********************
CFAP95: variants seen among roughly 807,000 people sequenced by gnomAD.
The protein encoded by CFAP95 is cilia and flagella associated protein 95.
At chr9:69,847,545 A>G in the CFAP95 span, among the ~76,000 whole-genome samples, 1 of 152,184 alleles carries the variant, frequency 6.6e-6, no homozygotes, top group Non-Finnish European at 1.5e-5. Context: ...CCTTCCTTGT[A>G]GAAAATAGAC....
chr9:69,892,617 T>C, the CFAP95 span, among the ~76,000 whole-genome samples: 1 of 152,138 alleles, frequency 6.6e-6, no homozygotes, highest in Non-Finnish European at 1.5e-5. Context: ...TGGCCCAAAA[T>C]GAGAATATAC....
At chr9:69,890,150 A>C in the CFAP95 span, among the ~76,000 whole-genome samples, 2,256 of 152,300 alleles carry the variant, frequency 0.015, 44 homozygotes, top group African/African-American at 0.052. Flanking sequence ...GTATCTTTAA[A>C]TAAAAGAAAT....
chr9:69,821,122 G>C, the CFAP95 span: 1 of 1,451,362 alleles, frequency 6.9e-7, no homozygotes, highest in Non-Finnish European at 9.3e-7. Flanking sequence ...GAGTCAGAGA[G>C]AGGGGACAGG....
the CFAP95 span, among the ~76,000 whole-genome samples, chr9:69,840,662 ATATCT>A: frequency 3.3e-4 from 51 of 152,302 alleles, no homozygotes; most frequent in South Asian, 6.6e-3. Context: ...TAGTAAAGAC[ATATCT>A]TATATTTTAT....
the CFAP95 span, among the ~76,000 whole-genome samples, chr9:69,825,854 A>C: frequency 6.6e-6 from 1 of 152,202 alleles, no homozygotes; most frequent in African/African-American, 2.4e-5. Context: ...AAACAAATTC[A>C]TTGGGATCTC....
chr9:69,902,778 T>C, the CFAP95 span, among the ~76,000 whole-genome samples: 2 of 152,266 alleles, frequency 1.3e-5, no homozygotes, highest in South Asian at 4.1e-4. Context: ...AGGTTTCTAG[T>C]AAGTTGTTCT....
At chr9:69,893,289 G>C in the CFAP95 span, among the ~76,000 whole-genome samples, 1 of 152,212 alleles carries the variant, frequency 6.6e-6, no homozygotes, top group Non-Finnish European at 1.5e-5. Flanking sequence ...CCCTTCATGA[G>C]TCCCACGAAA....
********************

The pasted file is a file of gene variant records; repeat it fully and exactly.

CFAP95: variants seen among roughly 807,000 people sequenced by gnomAD.
The protein encoded by CFAP95 is cilia and flagella associated protein 95.
At chr9:69,847,545 A>G in the CFAP95 span, among the ~76,000 whole-genome samples, 1 of 152,184 alleles carries the variant, frequency 6.6e-6, no homozygotes, top group Non-Finnish European at 1.5e-5. Context: ...CCTTCCTTGT[A>G]GAAAATAGAC....
chr9:69,892,617 T>C, the CFAP95 span, among the ~76,000 whole-genome samples: 1 of 152,138 alleles, frequency 6.6e-6, no homozygotes, highest in Non-Finnish European at 1.5e-5. Context: ...TGGCCCAAAA[T>C]GAGAATATAC....
At chr9:69,890,150 A>C in the CFAP95 span, among the ~76,000 whole-genome samples, 2,256 of 152,300 alleles carry the variant, frequency 0.015, 44 homozygotes, top group African/African-American at 0.052. Flanking sequence ...GTATCTTTAA[A>C]TAAAAGAAAT....
chr9:69,821,122 G>C, the CFAP95 span: 1 of 1,451,362 alleles, frequency 6.9e-7, no homozygotes, highest in Non-Finnish European at 9.3e-7. Flanking sequence ...GAGTCAGAGA[G>C]AGGGGACAGG....
the CFAP95 span, among the ~76,000 whole-genome samples, chr9:69,840,662 ATATCT>A: frequency 3.3e-4 from 51 of 152,302 alleles, no homozygotes; most frequent in South Asian, 6.6e-3. Context: ...TAGTAAAGAC[ATATCT>A]TATATTTTAT....
the CFAP95 span, among the ~76,000 whole-genome samples, chr9:69,825,854 A>C: frequency 6.6e-6 from 1 of 152,202 alleles, no homozygotes; most frequent in African/African-American, 2.4e-5. Context: ...AAACAAATTC[A>C]TTGGGATCTC....
chr9:69,902,778 T>C, the CFAP95 span, among the ~76,000 whole-genome samples: 2 of 152,266 alleles, frequency 1.3e-5, no homozygotes, highest in South Asian at 4.1e-4. Context: ...AGGTTTCTAG[T>C]AAGTTGTTCT....
At chr9:69,893,289 G>C in the CFAP95 span, among the ~76,000 whole-genome samples, 1 of 152,212 alleles carries the variant, frequency 6.6e-6, no homozygotes, top group Non-Finnish European at 1.5e-5. Flanking sequence ...CCCTTCATGA[G>C]TCCCACGAAA....